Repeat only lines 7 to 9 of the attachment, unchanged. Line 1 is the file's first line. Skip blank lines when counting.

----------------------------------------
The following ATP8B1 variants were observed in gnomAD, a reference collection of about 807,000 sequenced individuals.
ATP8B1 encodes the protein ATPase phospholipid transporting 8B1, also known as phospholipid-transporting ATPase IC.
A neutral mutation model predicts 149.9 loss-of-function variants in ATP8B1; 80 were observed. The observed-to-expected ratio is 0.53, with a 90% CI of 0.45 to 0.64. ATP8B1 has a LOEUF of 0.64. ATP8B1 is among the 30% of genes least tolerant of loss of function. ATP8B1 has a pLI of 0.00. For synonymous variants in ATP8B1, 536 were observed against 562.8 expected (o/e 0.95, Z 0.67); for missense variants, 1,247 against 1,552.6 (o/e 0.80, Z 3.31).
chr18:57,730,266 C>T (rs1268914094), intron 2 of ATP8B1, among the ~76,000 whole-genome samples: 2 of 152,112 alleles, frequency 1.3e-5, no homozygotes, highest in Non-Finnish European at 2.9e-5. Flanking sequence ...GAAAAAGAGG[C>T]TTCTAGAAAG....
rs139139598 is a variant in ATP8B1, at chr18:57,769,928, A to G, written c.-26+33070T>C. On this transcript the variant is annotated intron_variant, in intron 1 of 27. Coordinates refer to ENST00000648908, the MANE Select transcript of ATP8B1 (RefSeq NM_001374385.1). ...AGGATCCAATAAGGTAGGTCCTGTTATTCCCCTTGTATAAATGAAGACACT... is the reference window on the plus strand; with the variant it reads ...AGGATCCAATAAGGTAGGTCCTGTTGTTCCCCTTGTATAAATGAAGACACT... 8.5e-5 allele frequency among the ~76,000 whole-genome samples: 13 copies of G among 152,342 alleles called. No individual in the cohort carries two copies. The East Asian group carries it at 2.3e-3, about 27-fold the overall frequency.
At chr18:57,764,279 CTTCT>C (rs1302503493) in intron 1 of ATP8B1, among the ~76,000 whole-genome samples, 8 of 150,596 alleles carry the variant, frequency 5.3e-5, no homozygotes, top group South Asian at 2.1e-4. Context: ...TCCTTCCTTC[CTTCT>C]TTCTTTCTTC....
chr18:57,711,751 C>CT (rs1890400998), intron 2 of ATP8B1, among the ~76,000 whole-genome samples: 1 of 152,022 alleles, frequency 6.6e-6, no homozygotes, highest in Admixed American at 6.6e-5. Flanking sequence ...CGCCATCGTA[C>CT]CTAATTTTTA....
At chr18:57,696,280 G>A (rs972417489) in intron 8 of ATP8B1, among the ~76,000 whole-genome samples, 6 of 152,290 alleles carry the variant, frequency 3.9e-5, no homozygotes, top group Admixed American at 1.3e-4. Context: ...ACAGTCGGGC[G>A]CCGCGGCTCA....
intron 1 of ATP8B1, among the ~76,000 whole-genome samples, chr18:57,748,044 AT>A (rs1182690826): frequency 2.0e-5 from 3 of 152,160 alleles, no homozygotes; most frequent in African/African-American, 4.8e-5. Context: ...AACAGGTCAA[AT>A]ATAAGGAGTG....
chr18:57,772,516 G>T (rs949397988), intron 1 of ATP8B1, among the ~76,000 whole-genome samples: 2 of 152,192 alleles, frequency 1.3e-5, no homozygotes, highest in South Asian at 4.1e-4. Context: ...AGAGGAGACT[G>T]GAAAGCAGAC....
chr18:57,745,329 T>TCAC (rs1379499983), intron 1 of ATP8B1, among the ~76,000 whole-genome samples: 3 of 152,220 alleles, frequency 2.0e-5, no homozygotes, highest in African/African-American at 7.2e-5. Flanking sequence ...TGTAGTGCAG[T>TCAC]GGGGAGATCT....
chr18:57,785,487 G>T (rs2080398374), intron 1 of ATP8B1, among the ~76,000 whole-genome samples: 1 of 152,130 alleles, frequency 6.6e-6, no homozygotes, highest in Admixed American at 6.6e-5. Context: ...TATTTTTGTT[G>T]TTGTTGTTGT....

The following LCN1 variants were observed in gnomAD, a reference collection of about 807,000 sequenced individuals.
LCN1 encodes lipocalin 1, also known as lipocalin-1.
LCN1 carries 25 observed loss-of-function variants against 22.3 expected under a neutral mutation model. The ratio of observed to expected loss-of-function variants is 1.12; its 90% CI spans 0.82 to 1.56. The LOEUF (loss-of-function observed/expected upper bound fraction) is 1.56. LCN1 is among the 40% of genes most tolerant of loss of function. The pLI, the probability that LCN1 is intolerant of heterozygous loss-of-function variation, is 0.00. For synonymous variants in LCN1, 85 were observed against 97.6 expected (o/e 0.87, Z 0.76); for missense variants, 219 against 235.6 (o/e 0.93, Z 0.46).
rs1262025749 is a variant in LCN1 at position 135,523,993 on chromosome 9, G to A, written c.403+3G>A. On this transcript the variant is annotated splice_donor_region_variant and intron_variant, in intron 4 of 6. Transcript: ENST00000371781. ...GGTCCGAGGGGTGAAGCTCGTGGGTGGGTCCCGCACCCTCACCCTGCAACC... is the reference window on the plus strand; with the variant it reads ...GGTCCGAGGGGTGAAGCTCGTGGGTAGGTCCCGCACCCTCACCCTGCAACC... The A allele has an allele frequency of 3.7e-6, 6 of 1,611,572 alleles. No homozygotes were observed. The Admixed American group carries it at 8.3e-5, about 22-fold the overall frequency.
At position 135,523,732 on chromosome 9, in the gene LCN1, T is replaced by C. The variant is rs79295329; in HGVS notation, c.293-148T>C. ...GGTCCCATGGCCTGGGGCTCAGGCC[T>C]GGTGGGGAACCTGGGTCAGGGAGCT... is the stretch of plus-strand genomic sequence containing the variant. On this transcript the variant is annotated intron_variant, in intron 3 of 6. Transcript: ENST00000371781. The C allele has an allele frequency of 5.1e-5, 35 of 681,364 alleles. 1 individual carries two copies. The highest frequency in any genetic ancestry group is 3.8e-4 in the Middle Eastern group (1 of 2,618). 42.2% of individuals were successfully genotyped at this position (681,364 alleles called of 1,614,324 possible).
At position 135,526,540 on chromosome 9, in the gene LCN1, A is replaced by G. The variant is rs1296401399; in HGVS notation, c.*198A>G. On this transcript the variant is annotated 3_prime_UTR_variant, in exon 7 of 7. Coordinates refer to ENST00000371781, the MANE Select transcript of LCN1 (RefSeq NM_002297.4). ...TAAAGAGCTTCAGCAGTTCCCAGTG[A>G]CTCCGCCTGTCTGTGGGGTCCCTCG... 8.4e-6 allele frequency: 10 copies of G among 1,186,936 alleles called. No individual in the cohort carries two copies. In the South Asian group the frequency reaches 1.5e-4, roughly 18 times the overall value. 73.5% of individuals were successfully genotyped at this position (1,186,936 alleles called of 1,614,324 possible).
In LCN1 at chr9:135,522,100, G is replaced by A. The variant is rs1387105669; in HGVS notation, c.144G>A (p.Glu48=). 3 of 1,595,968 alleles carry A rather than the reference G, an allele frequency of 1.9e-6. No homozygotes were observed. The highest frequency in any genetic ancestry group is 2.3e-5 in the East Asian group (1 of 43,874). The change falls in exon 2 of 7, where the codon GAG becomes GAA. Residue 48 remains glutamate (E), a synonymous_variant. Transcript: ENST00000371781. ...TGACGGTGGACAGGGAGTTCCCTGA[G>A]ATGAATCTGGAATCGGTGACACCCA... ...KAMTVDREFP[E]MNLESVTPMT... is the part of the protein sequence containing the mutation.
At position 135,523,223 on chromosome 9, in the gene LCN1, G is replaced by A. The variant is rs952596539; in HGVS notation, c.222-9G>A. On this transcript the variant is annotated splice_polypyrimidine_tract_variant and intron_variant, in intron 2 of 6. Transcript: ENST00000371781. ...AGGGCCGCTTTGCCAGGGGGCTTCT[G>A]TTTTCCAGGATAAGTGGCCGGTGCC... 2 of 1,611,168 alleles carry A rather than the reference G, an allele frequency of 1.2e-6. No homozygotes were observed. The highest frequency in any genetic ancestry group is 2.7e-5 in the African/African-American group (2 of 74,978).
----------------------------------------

chr18:57,711,751 C>CT (rs1890400998), intron 2 of ATP8B1, among the ~76,000 whole-genome samples: 1 of 152,022 alleles, frequency 6.6e-6, no homozygotes, highest in Admixed American at 6.6e-5. Flanking sequence ...CGCCATCGTA[C>CT]CTAATTTTTA....
At chr18:57,696,280 G>A (rs972417489) in intron 8 of ATP8B1, among the ~76,000 whole-genome samples, 6 of 152,290 alleles carry the variant, frequency 3.9e-5, no homozygotes, top group Admixed American at 1.3e-4. Context: ...ACAGTCGGGC[G>A]CCGCGGCTCA....
intron 1 of ATP8B1, among the ~76,000 whole-genome samples, chr18:57,748,044 AT>A (rs1182690826): frequency 2.0e-5 from 3 of 152,160 alleles, no homozygotes; most frequent in African/African-American, 4.8e-5. Context: ...AACAGGTCAA[AT>A]ATAAGGAGTG....